In 1997, the Office of the Attorney General had also set up a special unit called the Intellectu- al Property and International Trade Division. Public prosecutors in this division has duty to scruti- nize the investigation file conducted by the police. He may instruct the police to obtain more evi- dence to strengthen the case. The public prosecutor will decide, according to the evidence, whether the accused should be prosecuted or not.
ISSUES OF THE IP ENFORCE- MENT IN THAILAND
, Ruangsit Tankarnjananurak*2
*1 Chief Judge of the Central Intellectual Property and International Trade Court.
*2 Judge and Secretary of the Central Intellectual Property and International Trade Court.
In the same year, the Central Intellectual Property and International Trade Court was estab- lished in order to create a new image of intellectual property protection and alleviate the administra- tion of intellectual property system. An appeal against any judgment, both on the question of fact and on the question of law, or order of the Court lies directly to the Supreme Court. The Supreme Court had also set up the special unit called Intellectual Property and International Trade Division.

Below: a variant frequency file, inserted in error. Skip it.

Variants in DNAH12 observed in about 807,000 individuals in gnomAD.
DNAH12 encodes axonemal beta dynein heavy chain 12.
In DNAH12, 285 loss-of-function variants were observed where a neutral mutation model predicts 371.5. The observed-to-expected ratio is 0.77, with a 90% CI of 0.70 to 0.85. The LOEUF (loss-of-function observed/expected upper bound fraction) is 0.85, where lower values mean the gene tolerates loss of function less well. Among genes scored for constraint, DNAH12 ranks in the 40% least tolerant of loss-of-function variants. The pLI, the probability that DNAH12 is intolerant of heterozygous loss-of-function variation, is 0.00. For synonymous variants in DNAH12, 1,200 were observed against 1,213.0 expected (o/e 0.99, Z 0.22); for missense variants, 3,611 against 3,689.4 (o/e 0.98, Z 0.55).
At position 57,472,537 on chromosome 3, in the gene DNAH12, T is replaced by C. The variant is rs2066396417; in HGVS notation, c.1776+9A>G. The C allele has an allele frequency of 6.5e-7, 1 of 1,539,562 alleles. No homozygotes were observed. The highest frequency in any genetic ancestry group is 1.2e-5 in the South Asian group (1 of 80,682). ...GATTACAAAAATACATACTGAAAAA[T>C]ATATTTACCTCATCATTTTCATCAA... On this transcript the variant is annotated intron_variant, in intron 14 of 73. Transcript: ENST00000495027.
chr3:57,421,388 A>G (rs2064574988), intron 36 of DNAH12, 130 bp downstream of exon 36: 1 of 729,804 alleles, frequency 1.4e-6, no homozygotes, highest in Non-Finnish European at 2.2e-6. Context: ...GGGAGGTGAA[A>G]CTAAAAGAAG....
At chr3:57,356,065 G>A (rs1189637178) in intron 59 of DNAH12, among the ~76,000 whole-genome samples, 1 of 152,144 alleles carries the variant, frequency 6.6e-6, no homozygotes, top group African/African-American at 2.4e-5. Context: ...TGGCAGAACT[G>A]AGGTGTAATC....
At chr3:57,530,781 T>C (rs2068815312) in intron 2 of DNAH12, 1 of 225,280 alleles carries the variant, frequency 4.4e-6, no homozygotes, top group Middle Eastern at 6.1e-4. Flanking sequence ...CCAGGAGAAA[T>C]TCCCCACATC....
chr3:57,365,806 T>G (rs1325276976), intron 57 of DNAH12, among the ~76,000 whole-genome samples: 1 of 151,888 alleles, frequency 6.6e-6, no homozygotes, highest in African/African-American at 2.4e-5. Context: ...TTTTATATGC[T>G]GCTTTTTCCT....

Justices in the Intellectual Property and International Trade Division in the Supreme Court and Judges in the Central Intellectual Property and International Trade Court are recruited from the Jus- tices and Judges who posses knowledge and full understanding in intellectual property or interna- tional trade.
From the information I mentioned above, I would like to state that Thailand has created the full circle of IP enforcement in the aspect of both administrative body and judicial body beyond inter- national standard.
Nevertheless, the IP enforcement still has some problems. I would like to exhibit some signifi- cant problems from the judicial sight.
Over – Criminalization Problem
TRIPS in its preamble recognizes that intellectual property rights are private rights. In Anglo- American jurisdiction, most claimants in the IPR enforcement make use of civil process, partly because its technique and atmosphere are appropriate to the assertion of private property rights amongst businessmen, and partly because the types of remedy – in particular the jurisdiction (inter- locutory and permanent) and damages – are more useful than punishment in the name of the state.